LA-based indie author James D. Lopez is a creator of bite-sized horror fiction and picture books for adults. His debut anthology Unspeakable is a collection of short stories that are in length and tone in a vein similar to the flash fiction/micro-prose of H.P. Lovecraft. With the material for a second book in progress, he talks about his inspirations; which includes everything from Tolkien, Ambrose Bierce to Dr. Seuss.
WIPCO: Can you tell us a little bit about yourself?
LOPEZ: I was born and raised in Los Angeles, and I have lived here my whole life. My family and I struggled to make ends meet, but we did manage, and somehow I ended up with a degree in English. Since I always enjoyed reading (and eventually, writing, although that would come later), pursuing a degree in English seemed like a natural choice. I’ve been an avid reader since I was a kid, and I read everything from the works of Tolkien to EC Comics (Tales From the Crypt, etc.). I’m sure that my writing was most likely influenced by all of these things to some degree. Upon graduating, I made a decision to get involved in education, and I became a teacher in the broader South L.A. region where I was raised (I’ve taught at different schools in South Los Angeles, including Watts and Compton). It has been a rewarding experience, but I also continued to write on my own. Obviously, I haven’t stopped.
WIPCO: “Unspeakable” is your first book; an anthology of stories. Can you give us a synopsis?
Unspeakable is a collection of various stories I’ve written at different points in my life. Some of these stories date back to my earliest days in college. Although I never stopped writing, I did put it aside from time to time, usually when I was between jobs (both academic and non-academic). It was maybe 2 years ago when I revisited some of my older stories; for some reason, this sparked a renewed personal interest in writing, and I began to write vigorously once again.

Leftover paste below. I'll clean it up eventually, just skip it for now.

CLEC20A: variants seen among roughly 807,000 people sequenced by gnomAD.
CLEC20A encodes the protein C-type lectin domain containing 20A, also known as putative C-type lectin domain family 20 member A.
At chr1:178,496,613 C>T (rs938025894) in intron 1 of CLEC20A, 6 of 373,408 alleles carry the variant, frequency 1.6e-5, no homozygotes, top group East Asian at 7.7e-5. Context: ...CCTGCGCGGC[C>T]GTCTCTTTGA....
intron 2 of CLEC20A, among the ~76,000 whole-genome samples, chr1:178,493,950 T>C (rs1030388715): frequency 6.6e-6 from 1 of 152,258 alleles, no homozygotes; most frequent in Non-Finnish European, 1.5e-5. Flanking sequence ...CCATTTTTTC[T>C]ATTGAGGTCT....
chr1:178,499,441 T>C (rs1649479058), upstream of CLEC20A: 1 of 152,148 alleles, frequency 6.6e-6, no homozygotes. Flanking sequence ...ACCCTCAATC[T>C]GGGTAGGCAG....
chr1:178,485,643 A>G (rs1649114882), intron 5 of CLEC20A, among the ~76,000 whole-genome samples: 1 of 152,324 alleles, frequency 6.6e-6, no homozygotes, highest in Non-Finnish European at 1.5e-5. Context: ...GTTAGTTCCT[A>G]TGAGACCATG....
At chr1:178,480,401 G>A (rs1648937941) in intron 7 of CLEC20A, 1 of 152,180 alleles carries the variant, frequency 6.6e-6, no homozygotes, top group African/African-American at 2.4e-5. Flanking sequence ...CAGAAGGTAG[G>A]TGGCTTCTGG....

For this particular volume, I handpicked a few of my stories to put together a sort of “Whitman’s Sampler” of short pieces that showcase the topics that I tend to write about. The stories themselves range from horrific to darkly humorous, sometimes with elements of Surrealism present.
WIPCO: You’ve described it as a picture book for adults. Why did you choose this style of illustration to accompany your work?
I am greatly influenced by artists from the Surrealist movement in art, and most people immediately label my own work as surreal. My drawing tends to take two distinct forms: realistic imagery (life-like portraiture/still-life) and surreal imagery. I find that I have a lot more freedom when I avoid strict realism; I just let my hand flow in accordance with whatever comes from my imagination.
WIPCO: While there are hints of the supernatural in a few of the stories, most of them present real life fears. Was it your intention to mostly write about the sort nightmares that exist in the physical realm rather than to rely on ghosts and demons? Why or why not?